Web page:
Proceedings: GI + CHI 1987

Voice: technology searching for communication needs

Arlene Aucella, Robin Kinkead, Anna Wichansky, Chris Shmandt

Proceedings of the SIGCHI/GI Conference on Human Factors in Computing Systems and Graphics Interface: Toronto, Ontario, Canada, 5 - 9 April 1987, 41-44

DOI 10.1145/29933.30858

  • BibTex

    @inproceedings{Aucella:1987:10.1145/29933.30858,
    author = {Aucella, Arlene and Kinkead, Robin and Wichansky, Anna and Shmandt, Chris},
    title = {Voice: technology searching for communication needs},
    booktitle = {Proceedings of the SIGCHI/GI Conference on Human Factors in Computing Systems and Graphics Interface},
    series = {GI + CHI 1987},
    year = {1987},
    issn = {0713-5425},
    isbn = {0-89791-213-6},
    location = {Toronto, Ontario, Canada},
    pages = {41--44},
    numpages = {4},
    doi = {10.1145/29933.30858},
    acmdoi = {10.1145/29933.30858},
    publisher = {Association for Computing Machinery},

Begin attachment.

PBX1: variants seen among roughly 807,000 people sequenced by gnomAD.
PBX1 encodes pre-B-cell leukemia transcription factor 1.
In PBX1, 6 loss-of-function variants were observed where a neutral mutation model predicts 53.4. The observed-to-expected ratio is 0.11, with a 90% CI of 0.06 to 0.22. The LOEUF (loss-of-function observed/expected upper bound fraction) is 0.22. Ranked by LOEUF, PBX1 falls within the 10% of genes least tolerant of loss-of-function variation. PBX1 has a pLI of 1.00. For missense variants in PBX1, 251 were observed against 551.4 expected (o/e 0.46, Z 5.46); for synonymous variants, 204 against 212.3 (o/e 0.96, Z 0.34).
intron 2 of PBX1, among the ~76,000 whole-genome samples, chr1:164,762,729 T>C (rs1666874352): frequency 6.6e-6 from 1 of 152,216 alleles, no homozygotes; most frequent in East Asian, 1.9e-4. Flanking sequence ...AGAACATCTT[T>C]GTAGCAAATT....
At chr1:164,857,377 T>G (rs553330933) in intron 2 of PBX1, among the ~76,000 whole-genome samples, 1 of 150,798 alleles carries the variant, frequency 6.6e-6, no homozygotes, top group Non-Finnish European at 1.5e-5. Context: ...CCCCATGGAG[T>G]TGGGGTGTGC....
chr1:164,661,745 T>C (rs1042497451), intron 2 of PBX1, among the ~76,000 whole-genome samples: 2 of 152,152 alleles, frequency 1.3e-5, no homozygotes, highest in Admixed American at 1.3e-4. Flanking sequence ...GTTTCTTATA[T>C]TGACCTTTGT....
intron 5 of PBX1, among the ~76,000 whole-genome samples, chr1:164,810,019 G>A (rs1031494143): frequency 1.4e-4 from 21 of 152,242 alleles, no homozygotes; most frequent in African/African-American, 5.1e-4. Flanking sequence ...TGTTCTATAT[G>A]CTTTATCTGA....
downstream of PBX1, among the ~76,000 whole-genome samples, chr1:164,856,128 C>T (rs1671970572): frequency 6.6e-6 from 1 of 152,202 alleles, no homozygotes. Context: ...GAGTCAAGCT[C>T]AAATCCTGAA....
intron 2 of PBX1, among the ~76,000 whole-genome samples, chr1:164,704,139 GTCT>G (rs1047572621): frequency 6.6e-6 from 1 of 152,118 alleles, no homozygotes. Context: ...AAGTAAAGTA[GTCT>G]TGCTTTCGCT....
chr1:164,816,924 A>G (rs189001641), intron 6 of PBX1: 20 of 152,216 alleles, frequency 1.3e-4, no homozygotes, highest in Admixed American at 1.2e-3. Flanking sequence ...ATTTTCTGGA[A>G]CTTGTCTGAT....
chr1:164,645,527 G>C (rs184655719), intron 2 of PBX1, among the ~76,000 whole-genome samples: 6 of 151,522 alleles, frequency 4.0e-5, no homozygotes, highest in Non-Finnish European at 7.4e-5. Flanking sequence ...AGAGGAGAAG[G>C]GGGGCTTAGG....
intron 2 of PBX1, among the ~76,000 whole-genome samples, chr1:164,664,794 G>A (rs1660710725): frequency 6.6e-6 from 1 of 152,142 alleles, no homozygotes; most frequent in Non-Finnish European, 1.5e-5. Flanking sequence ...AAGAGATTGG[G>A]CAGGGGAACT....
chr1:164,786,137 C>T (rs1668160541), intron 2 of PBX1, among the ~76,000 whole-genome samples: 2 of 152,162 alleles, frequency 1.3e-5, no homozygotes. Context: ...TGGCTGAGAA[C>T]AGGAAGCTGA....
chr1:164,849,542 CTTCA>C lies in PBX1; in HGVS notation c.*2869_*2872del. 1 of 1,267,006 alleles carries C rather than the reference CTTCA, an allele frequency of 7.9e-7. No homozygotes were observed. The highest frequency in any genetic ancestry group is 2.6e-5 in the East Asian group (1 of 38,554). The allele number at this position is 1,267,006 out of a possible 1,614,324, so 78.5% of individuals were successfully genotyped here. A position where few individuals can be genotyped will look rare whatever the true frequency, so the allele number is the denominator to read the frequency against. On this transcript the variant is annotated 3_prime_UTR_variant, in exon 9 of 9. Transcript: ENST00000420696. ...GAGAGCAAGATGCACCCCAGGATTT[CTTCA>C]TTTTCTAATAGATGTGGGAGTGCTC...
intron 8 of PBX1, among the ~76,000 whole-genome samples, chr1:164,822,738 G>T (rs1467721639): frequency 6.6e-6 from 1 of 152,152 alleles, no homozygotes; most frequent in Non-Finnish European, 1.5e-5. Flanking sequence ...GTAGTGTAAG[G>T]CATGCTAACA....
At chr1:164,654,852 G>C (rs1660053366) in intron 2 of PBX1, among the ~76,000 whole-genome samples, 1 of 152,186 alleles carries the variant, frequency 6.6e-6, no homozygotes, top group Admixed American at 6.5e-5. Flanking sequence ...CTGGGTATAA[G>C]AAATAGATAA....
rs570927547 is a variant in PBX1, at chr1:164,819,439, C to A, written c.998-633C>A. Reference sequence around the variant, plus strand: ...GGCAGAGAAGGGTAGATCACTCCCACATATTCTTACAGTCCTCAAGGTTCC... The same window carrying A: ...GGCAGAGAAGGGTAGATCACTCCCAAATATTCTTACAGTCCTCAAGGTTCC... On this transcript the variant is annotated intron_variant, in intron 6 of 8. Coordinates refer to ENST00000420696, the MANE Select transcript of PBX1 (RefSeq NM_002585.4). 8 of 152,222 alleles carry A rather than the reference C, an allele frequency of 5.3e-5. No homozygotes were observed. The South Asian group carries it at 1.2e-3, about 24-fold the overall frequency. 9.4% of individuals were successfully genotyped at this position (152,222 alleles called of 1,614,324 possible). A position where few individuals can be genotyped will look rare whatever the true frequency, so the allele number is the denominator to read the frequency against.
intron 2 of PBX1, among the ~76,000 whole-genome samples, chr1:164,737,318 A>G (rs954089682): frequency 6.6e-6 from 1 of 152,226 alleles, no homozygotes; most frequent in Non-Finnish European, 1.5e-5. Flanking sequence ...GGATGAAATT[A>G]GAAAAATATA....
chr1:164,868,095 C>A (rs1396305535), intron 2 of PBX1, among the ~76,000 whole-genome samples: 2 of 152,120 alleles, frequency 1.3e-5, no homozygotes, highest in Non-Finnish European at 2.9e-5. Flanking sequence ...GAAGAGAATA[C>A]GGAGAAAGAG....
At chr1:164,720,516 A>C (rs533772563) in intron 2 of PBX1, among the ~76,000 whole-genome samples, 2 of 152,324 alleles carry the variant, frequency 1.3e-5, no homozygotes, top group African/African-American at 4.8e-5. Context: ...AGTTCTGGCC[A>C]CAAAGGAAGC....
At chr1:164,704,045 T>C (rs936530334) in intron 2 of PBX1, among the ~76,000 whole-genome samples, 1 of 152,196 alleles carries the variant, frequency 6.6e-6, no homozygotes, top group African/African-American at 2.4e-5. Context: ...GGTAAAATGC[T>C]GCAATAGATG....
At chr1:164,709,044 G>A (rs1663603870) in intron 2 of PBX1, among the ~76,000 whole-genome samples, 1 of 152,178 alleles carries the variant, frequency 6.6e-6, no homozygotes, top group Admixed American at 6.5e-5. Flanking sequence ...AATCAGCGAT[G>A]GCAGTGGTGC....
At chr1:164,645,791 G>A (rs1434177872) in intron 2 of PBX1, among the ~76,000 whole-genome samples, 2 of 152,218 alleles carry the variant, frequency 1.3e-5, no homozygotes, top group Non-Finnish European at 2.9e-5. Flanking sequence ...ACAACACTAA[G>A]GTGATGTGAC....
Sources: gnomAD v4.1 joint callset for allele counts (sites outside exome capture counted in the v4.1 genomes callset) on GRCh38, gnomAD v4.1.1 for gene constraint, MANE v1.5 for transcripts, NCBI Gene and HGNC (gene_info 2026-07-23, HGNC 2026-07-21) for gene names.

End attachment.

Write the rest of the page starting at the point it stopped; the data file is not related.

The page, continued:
address = {New York, NY, USA},
    }

Abstract

Voice technology is just beginning to gain a foothold in the information processing world. Applications such as voice mail, credit verification, order entry and airline reservation systems are slowly being introduced. Critics of voice systems frequently point out their limitations with little understanding of their power or advantages. One key determinant of the success or failure of voice systems is the USER INTERFACE. It is important that the dialogue structure, prompts, system feedback and error messages be designed based on user input, testing and evaluation.Another key determinant of the success of voice systems is the careful matching of users, tasks and environment to the technology. Voice technology is often broken down into 3 major categories.Speech compression. Processing allows analog patterns of human speech to be digitized. Once stored in digital form, the information can be transmitted and played back.Common Applications: Voice Mail, Voice Annotation.Text-to-Speech. Processing allows computer-stored text to be translated and retrieved via a “synthesized” voice. Common applications: Remote retrieval of information (E-Mail, Calendar Appointments), Aids to Visually or Vocally Handicapped.Speech Recognition. Processing allows analog patterns of human speech to be translated into their text-based equivalent or into computer commands.Common Applications: Data Entry, Voice Activated Typewriter.